Jessica Rowbury speaks to Matthew Edwards from the UK’s Science and Technology Facilities Council (STFC) about the centre’s work translating photonics space technology into other markets
The Science and Technology Facilities Council in the UK carries out world-class space research and technology development. RAL Space, the centre’s space facility, has significant involvement in more than 210 space missions, including those supporting the European Space Agency (ESA) and NASA.
One of STFC’s focuses is the translation of equipment that has originally been developed for space applications into other markets. For example, last year, STFC spin-off Mirico received an investment of £1 million to commercialise its laser isotopic analyser, which was developed initially for analysing the atmosphere on Mars but has potential applications in climate change monitoring, diagnosing disease and detecting counterfeit foods.
Matthew Edwards, from STFC, speaks to Electro Optics about these activities and the opportunities this presents to photonics companies.
What kinds of space technology could benefit other applications?
Space technology ranges from miniaturised, highly accurate sensors all the way through to new heat resistant coatings and software algorithms. Miniaturised sensors are often in high demand because they are almost as accurate as bulky lab equipment, while only being a fraction of the size and weight.
What markets do you think could benefit from this?
Over 350 technologies have been transferred from the space industry into essentially every other market. For sensors, it is often attractive to the medical device or security industries, due to the high level of accuracy coupled with the low weight and size. This combination can enable step changes in those markets and provide cost benefits too.
What’s involved in bringing this technology to other sectors?
STFC manages the European Space Agency’s Technology Transfer Network (ESA TTN) for the UK. We actively broker opportunities between space technology providers and potential end users. While one of the main benefits of technology transfer is that someone has already done the majority of the R&D, there is obviously a degree of integration work required. STFC helps to identify funding opportunities, both public and private, and offer technical assistance and access to rapid prototyping facilities.
Why is STFC working on this?
One of STFC’s core objectives is to demonstrate the impact, both economically and socially, that world-leading science and technology can provide. As a part of this, we are committed to supporting the space industry within the UK, to capture not only a larger share of the global space market, but also expand into other markets.
Is STFC working with optics/photonics companies on this?
Instrumentation and payloads for spacecraft often have elements of photonics within them, such as camera systems working in multiple spectral bands. They are often a rich source of technologies that are ready for transfer into other applications. We work directly with companies and universities within the UK and tap into the broader space network across Europe through our partners.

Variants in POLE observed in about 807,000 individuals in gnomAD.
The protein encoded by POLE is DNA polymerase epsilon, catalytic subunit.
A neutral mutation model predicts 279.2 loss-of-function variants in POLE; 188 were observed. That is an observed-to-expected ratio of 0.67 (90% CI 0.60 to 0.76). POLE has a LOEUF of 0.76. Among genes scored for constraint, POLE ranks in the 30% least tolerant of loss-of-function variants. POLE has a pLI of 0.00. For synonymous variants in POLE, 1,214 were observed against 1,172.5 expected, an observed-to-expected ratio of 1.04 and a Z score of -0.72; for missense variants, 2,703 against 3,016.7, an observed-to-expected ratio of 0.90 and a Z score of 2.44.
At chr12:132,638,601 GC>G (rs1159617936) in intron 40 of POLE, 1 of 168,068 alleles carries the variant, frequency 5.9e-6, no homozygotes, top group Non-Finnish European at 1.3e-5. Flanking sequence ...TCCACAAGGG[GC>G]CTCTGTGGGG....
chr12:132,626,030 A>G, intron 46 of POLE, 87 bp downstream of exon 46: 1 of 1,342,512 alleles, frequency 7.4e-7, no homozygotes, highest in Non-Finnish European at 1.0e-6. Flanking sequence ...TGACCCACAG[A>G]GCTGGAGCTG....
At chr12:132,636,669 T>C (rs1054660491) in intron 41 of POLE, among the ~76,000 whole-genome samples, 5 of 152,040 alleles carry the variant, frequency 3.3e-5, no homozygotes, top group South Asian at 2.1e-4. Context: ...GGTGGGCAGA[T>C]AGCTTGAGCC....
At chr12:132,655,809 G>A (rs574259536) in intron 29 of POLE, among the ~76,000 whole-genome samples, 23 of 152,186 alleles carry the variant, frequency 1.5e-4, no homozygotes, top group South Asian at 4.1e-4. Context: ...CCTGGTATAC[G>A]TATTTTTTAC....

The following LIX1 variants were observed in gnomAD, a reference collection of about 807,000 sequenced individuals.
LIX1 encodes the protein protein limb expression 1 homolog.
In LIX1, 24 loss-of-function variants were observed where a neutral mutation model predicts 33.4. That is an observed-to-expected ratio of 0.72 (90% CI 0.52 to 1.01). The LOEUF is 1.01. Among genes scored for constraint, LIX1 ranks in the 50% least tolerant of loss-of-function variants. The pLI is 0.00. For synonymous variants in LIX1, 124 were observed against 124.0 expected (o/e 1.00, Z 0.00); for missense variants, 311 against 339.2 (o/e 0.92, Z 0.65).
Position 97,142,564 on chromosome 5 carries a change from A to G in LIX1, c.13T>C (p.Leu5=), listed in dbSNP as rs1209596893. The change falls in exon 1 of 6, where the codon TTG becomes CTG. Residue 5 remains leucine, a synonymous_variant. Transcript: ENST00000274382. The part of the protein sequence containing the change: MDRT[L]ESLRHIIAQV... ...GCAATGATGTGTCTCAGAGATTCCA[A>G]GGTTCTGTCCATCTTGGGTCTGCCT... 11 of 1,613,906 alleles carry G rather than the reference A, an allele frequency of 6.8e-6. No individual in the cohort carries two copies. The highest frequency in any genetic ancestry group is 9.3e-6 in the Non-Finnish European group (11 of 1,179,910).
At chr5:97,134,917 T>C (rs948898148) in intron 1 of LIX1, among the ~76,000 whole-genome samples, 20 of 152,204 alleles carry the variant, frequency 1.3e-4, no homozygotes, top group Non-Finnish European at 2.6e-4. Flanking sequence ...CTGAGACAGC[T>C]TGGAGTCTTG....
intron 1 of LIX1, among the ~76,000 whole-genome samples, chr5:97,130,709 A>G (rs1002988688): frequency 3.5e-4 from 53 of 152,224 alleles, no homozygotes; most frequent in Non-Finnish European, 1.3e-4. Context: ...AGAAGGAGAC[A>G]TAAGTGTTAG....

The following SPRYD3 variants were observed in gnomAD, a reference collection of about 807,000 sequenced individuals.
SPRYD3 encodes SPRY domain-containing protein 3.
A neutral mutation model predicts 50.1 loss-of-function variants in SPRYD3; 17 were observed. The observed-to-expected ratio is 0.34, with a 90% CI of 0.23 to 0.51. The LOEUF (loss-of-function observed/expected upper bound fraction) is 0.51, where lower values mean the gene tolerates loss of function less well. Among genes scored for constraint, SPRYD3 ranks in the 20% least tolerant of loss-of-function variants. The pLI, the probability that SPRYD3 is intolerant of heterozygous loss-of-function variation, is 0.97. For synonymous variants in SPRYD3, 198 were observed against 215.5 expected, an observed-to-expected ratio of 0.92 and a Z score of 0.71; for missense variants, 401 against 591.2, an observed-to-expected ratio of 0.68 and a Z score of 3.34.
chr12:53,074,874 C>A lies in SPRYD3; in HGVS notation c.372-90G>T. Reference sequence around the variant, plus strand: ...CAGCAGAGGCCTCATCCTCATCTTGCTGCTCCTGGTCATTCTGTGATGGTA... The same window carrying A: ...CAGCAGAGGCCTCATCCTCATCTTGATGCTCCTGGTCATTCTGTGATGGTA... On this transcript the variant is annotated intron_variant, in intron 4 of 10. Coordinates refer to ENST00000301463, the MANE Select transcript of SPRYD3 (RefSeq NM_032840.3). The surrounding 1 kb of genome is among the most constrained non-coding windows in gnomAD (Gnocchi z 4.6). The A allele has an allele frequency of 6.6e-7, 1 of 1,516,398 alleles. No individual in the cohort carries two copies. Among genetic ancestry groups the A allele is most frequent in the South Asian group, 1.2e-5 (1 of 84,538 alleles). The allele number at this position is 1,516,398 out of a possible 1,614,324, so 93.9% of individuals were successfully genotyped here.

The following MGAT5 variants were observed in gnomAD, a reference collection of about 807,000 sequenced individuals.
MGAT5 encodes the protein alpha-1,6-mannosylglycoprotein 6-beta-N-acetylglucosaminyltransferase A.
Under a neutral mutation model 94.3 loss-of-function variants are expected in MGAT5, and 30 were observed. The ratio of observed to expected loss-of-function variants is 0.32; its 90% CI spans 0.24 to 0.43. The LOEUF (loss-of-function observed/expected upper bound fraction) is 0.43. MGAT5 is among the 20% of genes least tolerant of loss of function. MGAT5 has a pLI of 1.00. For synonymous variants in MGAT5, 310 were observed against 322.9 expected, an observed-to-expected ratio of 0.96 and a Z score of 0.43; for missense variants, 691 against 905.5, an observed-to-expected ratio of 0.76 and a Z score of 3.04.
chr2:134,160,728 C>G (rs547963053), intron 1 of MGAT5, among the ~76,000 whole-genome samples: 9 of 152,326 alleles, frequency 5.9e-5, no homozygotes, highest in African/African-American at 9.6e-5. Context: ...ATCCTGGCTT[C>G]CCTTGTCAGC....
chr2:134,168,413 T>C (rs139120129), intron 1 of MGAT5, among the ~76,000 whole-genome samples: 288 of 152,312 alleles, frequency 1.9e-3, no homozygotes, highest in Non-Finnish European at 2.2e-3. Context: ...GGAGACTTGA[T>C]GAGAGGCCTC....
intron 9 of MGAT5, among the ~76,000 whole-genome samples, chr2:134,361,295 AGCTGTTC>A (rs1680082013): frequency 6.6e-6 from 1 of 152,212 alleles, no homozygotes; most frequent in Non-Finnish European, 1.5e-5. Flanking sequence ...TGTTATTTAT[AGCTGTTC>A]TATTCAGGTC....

What are the challenges associated with getting new technology into different sectors, and how is STFC dealing with these?
The main challenge is that companies do not often look to other industries to help solve their technical problems. Once you explain what space technology is and what it can do, then companies often find the ideas start to flow rapidly.
What are some examples of space technology being used today in other areas and how did these come about?
STFC created a spin-off company, Mirico, to commercialise laser spectroscopy technology developed over the course of 10 years in its space science department. The company develops and manufactures products using mid-infrared light sources for high-performance gas analysis. A series of different products are being developed that can be applied in many different applications, ranging from the processing of petrochemicals through to greenhouse gas emission monitoring.
Another example is Insect Research Systems. STFC put a pest controller in contact with a leading space scientist from the Open University and they formed a new business venture applying miniaturised gas chromatography mass spectrometry to the detection of bed bugs in hotels. The technology can be operated by a non-specialist and can ‘sniff-out’ whether a hotel room has bed bugs.
This is highly important for the hospitality industry, as bad reviews involving bed bugs on websites such as trip advisor can be catastrophic to the number of bookings they receive.
Why is innovation so apparent in the space sector and what can other sectors learn?
Space is such a challenging environment that involves radiation, temperature extremes, and high stresses and strains that innovation is constantly necessary.
There are also constraints around size and weight, as it costs in the region of £10,000 per kilogram launched into space. Most sectors are quite innovative, though not too many look beyond their own industry for solutions. Space technologies provide the right mix of attributes for sectors that generally operate within the low volume high value area.
How can we ensure that innovation in the space sector benefits the scientific community and the economy?
Technological innovation is a cornerstone of the space industry and STFC and the ESA TTN are working to bring these to other industries. One way we do this is through asking companies to pose their technology challenges to the space industry.
We have a template that companies can complete, and we ask the UK and European space industries to provide potential solutions. Introductory meetings can then be facilitated and STFC will aim to support them where possible and appropriate.